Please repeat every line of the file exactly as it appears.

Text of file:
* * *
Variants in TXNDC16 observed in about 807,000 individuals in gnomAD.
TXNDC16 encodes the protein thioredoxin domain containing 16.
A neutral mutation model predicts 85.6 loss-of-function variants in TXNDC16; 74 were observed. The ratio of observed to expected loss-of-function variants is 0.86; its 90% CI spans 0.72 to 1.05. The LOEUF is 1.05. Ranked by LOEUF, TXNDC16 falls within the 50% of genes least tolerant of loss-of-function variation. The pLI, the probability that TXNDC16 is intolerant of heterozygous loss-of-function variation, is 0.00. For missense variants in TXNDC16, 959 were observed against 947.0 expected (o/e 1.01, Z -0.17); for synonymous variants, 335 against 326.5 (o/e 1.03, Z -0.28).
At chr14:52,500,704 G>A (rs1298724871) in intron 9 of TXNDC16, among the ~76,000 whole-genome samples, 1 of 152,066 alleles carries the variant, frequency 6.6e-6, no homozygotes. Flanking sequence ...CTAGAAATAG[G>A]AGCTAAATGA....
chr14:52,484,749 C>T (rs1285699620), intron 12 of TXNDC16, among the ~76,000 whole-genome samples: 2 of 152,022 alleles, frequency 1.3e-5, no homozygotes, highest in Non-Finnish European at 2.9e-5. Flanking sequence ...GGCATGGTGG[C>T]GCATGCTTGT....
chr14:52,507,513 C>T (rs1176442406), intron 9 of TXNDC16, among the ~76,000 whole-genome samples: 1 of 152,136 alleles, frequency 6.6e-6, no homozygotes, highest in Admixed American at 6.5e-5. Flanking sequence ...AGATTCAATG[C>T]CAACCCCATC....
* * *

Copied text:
Variants in TXNDC16 observed in about 807,000 individuals in gnomAD.
TXNDC16 encodes the protein thioredoxin domain containing 16.
A neutral mutation model predicts 85.6 loss-of-function variants in TXNDC16; 74 were observed. The ratio of observed to expected loss-of-function variants is 0.86; its 90% CI spans 0.72 to 1.05. The LOEUF is 1.05. Ranked by LOEUF, TXNDC16 falls within the 50% of genes least tolerant of loss-of-function variation. The pLI, the probability that TXNDC16 is intolerant of heterozygous loss-of-function variation, is 0.00. For missense variants in TXNDC16, 959 were observed against 947.0 expected (o/e 1.01, Z -0.17); for synonymous variants, 335 against 326.5 (o/e 1.03, Z -0.28).
At chr14:52,500,704 G>A (rs1298724871) in intron 9 of TXNDC16, among the ~76,000 whole-genome samples, 1 of 152,066 alleles carries the variant, frequency 6.6e-6, no homozygotes. Flanking sequence ...CTAGAAATAG[G>A]AGCTAAATGA....
chr14:52,484,749 C>T (rs1285699620), intron 12 of TXNDC16, among the ~76,000 whole-genome samples: 2 of 152,022 alleles, frequency 1.3e-5, no homozygotes, highest in Non-Finnish European at 2.9e-5. Flanking sequence ...GGCATGGTGG[C>T]GCATGCTTGT....
chr14:52,507,513 C>T (rs1176442406), intron 9 of TXNDC16, among the ~76,000 whole-genome samples: 1 of 152,136 alleles, frequency 6.6e-6, no homozygotes, highest in Admixed American at 6.5e-5. Flanking sequence ...AGATTCAATG[C>T]CAACCCCATC....